Germinated cucumber seeds were placed in cans with a suspension. The film was removed 6 days after the start of cultivation. The repeatability of the experiment was 100 (100 seeds and seedlings were tested in the experimental and control variants). Cucumber seedlings in the hydroponic system were cultivated for 14 days in natural light at a temperature of 20 °C. At the same time, the level of liquid in the cans was monitored. If necessary, it was topped up to the level of 3–4 cm.

2.4. Analysis of Experimental Results

The cucumber seedlings were taken out of cans and divided into shoots and roots. The length of the shoots and roots was measured using a ruler. To clarify the fine details of the morphology, a magnifying glass with 20-fold magnification was used. Parts of the seedlings were laid out on filter paper until completely dry. Then, the weight of each shoot and root was weighed on Ohaus Pioneer PA214C analytical scales.
During statistical analysis, the values of the arithmetic mean, its error, median, standard deviation, and coefficient of variation were calculated [56]. The reliability of the research results was determined using Student’s t-test [57]. The statistical analysis of the results was carried out using Statistica for Windows 10.0 software.

3. Results

The cucumber plants were grown on a nutrient medium with and without Chlorella suspension and did not differ from each other in appearance (Figure 4). Seedlings in both cases had a bright green color, with well-developed cotyledon leaves. The first true leaves in the experimental and control variants appeared on day 8, while the second real leaves began to form on day 12. The root system of the cucumbers by the fourteenth day of the experiment was well-developed in the experimental and control plants.
During the cultivation on a Knop medium with the addition of Chlorella suspension, the length of the shoots was shortened (Figure 5). This change was confirmed by a decrease in the arithmetic mean and median from 11.30 to 8.15 cm (Table 1). The standard deviation of the shoots’ length increased from 1.77 to 1.92, while for the roots’ length, it decreased from 3.80 to 3.44 (Table 1). Alga suspension caused a decrease in the roots’ length arithmetic mean from 16.41 to 10.59 cm and a reduction in the median from 16.05 to 10.35 cm (Table 1, Figure 6).
Chlorella suspension affected the increase in the coefficient of variation in the cucumber shoots’ length from 15.66% cm to 23.44% cm and of the roots’ length from 23.09% cm to 32.51% cm (Table 1). The decrease in the length of the shoots and roots was statistically significant according to Student’s t-test (Table 1).
In the experiment with Chlorella suspension, the arithmetic mean of the shoots’ dry biomass increased from 0.50 to 0.53 g (Table 1, Figure 7), but this change was not reliable according to Student’s t-test (Table 1). The insignificance of these alterations was confirmed by other statistical indicators. The standard deviation and median did not change. The coefficient of variation increased insignificantly from 21.00 to 21.72 (Table 1).
After using the Chlorella suspension, a significant increase in the arithmetic mean of the cucumber roots’ biomass from 0.04 to 0.05 g according to Student’s t-test was observed (Figure 8, Table 1). The increase in the median coincided with a change in the arithmetic mean. The values of the standard deviation and coefficient of variation decreased from 0.03 to 0.02 and from 59.60% to 37.02%, respectively (Table 1).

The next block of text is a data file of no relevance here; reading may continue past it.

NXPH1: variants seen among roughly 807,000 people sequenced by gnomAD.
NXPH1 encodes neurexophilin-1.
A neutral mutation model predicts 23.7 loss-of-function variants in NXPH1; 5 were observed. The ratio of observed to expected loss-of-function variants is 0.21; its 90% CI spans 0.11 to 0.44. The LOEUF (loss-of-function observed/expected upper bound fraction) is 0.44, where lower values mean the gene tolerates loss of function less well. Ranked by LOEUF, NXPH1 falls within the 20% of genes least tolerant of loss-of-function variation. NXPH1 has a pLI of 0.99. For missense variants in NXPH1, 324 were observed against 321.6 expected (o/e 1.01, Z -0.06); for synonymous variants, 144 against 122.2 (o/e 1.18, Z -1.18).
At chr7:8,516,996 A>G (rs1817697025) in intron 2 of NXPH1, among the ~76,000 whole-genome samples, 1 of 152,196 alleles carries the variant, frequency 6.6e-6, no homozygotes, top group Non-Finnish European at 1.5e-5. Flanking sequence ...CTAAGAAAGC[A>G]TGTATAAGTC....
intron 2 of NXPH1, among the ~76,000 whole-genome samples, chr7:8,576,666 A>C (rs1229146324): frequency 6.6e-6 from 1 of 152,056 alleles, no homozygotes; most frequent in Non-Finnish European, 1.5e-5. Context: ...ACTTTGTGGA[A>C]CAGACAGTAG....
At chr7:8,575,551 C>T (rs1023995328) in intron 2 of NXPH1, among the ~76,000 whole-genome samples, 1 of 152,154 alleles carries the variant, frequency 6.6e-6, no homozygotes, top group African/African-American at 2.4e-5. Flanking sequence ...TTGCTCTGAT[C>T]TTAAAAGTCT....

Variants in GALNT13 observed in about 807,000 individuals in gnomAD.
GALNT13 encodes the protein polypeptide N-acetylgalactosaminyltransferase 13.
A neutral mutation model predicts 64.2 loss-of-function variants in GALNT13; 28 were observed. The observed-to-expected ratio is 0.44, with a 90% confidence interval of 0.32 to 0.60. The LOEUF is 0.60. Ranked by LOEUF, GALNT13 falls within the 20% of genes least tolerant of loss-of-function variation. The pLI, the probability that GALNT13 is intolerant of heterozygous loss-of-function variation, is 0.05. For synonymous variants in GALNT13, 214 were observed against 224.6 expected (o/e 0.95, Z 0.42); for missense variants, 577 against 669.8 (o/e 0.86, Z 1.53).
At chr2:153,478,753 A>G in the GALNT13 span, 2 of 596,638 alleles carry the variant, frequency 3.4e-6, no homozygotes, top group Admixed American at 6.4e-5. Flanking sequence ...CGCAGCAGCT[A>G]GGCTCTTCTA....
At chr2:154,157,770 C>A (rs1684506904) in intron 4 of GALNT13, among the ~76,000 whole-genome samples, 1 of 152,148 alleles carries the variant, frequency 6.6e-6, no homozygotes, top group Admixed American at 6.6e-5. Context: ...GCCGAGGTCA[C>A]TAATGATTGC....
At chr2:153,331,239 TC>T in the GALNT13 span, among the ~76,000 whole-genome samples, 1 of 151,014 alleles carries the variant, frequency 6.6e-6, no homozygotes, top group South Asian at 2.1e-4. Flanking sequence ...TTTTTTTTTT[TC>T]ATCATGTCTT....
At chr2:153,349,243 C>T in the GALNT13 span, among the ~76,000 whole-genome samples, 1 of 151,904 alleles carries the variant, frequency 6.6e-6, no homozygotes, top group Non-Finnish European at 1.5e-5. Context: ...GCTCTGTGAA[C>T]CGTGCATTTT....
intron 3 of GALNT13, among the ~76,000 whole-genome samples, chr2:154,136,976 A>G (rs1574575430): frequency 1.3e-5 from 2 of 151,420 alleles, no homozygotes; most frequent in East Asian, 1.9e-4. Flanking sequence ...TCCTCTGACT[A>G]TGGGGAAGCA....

An increase in the cucumber shoots and roots biomass, together with a reduction in their length, is likely due to an increase in their thickness. It is likely that the suspension of the studied chlorella strain can activate the process of cucumber lateral growth, especially in the root zone.
It is known that the respiration rate of the roots in crops positively and linearly correlates with the level of dissolved O2 in the nutrient solution [57]. Thus, high levels of dissolved oxygen in nutrient solutions of an eco-hydroponic crop (agricultural crop + algae + hydroponic solution) were crucial for the respiration and root growth of crops and led to high yields and productivity [14].
It is likely that, in the hydroponic system with cucumber seedlings and Chlorella suspension, an increase in the root biomass was observed due to a high content of dissolved O2.

4. Discussion

Our investigation revealed that the addition of a suspension of Chlorella vulgaris into the Knop media caused a decrease in the cucumber shoot and root length, together with an increase in their dry biomass (Table 1, Figure 5, Figure 6, Figure 7 and Figure 8). Using several statistical indicators made it possible to estimate its influence more precisely. For example, the changes in the length and dry biomass of the shoots and roots were confirmed not only by the differences in the arithmetic mean but also by the median (Table 1). In the variants of the experiment with Chlorella suspension, a mostly increasing coefficient of variation was observed (Table 1). Only in the experiment regarding the roots’ dry biomass was a decrease in the coefficient of variation established.
It is necessary to note that roots are a basic plant organ that takes part in the consumption and transportation of water and nutrients, in the synthesis of biologically active substances (hormones, organic, and amino acids), and in fixing plants to the substrate [58,59]. Root biomass is one of the most important aspects of root functioning [60,61,62,63]. The dimensional and morphological characteristics of roots influence the size and development of the shoot and, therefore, future yields [58,64,65].
The grain yield of upland rice was raised in a quadratic fashion with an increase in the root length and roots’ dry weight. It was found that the roots’ dry weight was a better prognosticator of yield than the roots’ length or the shoots’ dry weight. Similar results were obtained for tropical legume cover crops [66,67].
Our research demonstrates that, under the influence of Chlorella vulgaris suspension, changes in the length of the shoots and roots do not always coincide with a difference in dry biomass. The change in biomass more accurately reflects the influence of algae since the shortening of shoots and roots was accompanied by an increase in their thickness.